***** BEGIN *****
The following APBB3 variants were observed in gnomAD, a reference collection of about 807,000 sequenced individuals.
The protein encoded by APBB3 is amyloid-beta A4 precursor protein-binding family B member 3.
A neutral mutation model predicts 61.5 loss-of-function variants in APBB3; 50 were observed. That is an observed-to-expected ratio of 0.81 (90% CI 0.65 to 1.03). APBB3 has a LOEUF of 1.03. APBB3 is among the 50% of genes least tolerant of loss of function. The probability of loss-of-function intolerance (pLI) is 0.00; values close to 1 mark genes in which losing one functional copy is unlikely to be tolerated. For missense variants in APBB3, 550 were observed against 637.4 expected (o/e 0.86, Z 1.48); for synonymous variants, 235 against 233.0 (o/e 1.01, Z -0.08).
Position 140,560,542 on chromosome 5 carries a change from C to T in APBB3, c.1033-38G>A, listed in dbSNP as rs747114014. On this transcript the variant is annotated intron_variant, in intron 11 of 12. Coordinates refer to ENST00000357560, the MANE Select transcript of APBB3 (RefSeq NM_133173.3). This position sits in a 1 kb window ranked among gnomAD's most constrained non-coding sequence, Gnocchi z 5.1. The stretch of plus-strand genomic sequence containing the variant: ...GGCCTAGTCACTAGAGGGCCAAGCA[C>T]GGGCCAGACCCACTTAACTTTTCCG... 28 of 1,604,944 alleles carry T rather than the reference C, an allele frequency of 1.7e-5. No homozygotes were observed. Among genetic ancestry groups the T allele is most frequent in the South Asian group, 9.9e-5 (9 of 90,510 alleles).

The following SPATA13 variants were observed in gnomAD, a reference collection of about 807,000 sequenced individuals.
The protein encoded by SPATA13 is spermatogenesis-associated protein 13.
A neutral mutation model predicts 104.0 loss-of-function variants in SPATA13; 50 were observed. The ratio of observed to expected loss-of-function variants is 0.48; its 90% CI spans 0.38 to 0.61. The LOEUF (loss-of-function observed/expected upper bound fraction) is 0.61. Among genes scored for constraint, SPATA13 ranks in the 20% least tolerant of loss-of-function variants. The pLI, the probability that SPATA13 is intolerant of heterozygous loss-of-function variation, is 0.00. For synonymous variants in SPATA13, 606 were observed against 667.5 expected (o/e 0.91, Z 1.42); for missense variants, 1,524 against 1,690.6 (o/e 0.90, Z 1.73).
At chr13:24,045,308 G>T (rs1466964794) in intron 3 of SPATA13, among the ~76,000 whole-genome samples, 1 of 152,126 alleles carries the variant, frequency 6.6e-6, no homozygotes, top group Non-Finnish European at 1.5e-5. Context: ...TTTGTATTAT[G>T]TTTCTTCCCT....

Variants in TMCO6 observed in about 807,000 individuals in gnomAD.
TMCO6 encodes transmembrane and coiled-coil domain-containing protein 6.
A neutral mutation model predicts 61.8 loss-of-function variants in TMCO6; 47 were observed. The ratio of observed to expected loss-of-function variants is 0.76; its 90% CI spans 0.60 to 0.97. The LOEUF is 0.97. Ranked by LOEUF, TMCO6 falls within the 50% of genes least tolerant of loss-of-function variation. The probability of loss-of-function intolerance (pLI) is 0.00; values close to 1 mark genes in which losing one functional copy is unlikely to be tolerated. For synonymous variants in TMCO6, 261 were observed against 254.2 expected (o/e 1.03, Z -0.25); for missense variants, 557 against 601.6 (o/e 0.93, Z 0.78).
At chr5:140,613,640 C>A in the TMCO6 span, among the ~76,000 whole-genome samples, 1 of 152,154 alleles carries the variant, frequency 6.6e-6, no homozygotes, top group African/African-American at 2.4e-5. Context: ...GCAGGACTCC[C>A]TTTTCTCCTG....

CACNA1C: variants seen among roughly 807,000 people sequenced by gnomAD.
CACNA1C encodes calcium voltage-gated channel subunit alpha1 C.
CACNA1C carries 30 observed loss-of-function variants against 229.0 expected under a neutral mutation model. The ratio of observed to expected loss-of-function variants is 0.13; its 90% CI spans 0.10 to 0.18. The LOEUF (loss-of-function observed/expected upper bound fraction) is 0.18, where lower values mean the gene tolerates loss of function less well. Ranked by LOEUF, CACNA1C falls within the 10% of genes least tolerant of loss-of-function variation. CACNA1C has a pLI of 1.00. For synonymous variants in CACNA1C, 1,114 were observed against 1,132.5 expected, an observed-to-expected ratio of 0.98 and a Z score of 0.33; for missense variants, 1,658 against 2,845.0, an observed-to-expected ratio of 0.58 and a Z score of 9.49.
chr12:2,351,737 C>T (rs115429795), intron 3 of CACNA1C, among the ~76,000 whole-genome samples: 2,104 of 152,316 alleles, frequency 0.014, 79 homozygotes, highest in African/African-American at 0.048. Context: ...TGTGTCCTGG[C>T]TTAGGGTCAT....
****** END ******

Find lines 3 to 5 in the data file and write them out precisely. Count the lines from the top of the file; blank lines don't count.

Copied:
A neutral mutation model predicts 61.5 loss-of-function variants in APBB3; 50 were observed. That is an observed-to-expected ratio of 0.81 (90% CI 0.65 to 1.03). APBB3 has a LOEUF of 1.03. APBB3 is among the 50% of genes least tolerant of loss of function. The probability of loss-of-function intolerance (pLI) is 0.00; values close to 1 mark genes in which losing one functional copy is unlikely to be tolerated. For missense variants in APBB3, 550 were observed against 637.4 expected (o/e 0.86, Z 1.48); for synonymous variants, 235 against 233.0 (o/e 1.01, Z -0.08).
Position 140,560,542 on chromosome 5 carries a change from C to T in APBB3, c.1033-38G>A, listed in dbSNP as rs747114014. On this transcript the variant is annotated intron_variant, in intron 11 of 12. Coordinates refer to ENST00000357560, the MANE Select transcript of APBB3 (RefSeq NM_133173.3). This position sits in a 1 kb window ranked among gnomAD's most constrained non-coding sequence, Gnocchi z 5.1. The stretch of plus-strand genomic sequence containing the variant: ...GGCCTAGTCACTAGAGGGCCAAGCA[C>T]GGGCCAGACCCACTTAACTTTTCCG... 28 of 1,604,944 alleles carry T rather than the reference C, an allele frequency of 1.7e-5. No homozygotes were observed. Among genetic ancestry groups the T allele is most frequent in the South Asian group, 9.9e-5 (9 of 90,510 alleles).

The following SPATA13 variants were observed in gnomAD, a reference collection of about 807,000 sequenced individuals.